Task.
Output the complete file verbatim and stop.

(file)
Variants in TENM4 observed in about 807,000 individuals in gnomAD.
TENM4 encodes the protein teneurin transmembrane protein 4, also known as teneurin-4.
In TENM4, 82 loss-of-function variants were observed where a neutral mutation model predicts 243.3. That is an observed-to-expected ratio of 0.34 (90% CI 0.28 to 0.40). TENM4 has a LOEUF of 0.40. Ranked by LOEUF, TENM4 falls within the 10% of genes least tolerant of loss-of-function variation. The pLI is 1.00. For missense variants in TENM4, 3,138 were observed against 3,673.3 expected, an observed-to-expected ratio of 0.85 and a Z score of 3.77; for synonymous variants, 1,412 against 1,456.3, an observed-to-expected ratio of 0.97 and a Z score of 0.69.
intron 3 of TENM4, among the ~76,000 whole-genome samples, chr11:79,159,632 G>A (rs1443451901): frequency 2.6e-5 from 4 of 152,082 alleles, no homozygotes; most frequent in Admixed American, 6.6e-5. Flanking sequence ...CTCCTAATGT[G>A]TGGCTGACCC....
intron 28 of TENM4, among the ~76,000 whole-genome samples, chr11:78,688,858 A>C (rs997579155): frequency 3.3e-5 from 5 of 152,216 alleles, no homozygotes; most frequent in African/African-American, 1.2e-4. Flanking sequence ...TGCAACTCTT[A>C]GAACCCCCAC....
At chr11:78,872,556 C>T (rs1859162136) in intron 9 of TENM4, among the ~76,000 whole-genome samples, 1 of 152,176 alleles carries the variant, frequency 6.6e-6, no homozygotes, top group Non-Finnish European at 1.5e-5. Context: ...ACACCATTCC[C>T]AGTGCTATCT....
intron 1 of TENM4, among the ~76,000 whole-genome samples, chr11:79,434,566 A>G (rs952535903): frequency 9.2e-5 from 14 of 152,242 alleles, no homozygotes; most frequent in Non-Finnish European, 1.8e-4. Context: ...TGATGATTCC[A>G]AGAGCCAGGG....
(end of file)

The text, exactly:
Variants in TENM4 observed in about 807,000 individuals in gnomAD.
TENM4 encodes the protein teneurin transmembrane protein 4, also known as teneurin-4.
In TENM4, 82 loss-of-function variants were observed where a neutral mutation model predicts 243.3. That is an observed-to-expected ratio of 0.34 (90% CI 0.28 to 0.40). TENM4 has a LOEUF of 0.40. Ranked by LOEUF, TENM4 falls within the 10% of genes least tolerant of loss-of-function variation. The pLI is 1.00. For missense variants in TENM4, 3,138 were observed against 3,673.3 expected, an observed-to-expected ratio of 0.85 and a Z score of 3.77; for synonymous variants, 1,412 against 1,456.3, an observed-to-expected ratio of 0.97 and a Z score of 0.69.
intron 3 of TENM4, among the ~76,000 whole-genome samples, chr11:79,159,632 G>A (rs1443451901): frequency 2.6e-5 from 4 of 152,082 alleles, no homozygotes; most frequent in Admixed American, 6.6e-5. Flanking sequence ...CTCCTAATGT[G>A]TGGCTGACCC....
intron 28 of TENM4, among the ~76,000 whole-genome samples, chr11:78,688,858 A>C (rs997579155): frequency 3.3e-5 from 5 of 152,216 alleles, no homozygotes; most frequent in African/African-American, 1.2e-4. Flanking sequence ...TGCAACTCTT[A>C]GAACCCCCAC....
At chr11:78,872,556 C>T (rs1859162136) in intron 9 of TENM4, among the ~76,000 whole-genome samples, 1 of 152,176 alleles carries the variant, frequency 6.6e-6, no homozygotes, top group Non-Finnish European at 1.5e-5. Context: ...ACACCATTCC[C>T]AGTGCTATCT....
intron 1 of TENM4, among the ~76,000 whole-genome samples, chr11:79,434,566 A>G (rs952535903): frequency 9.2e-5 from 14 of 152,242 alleles, no homozygotes; most frequent in Non-Finnish European, 1.8e-4. Context: ...TGATGATTCC[A>G]AGAGCCAGGG....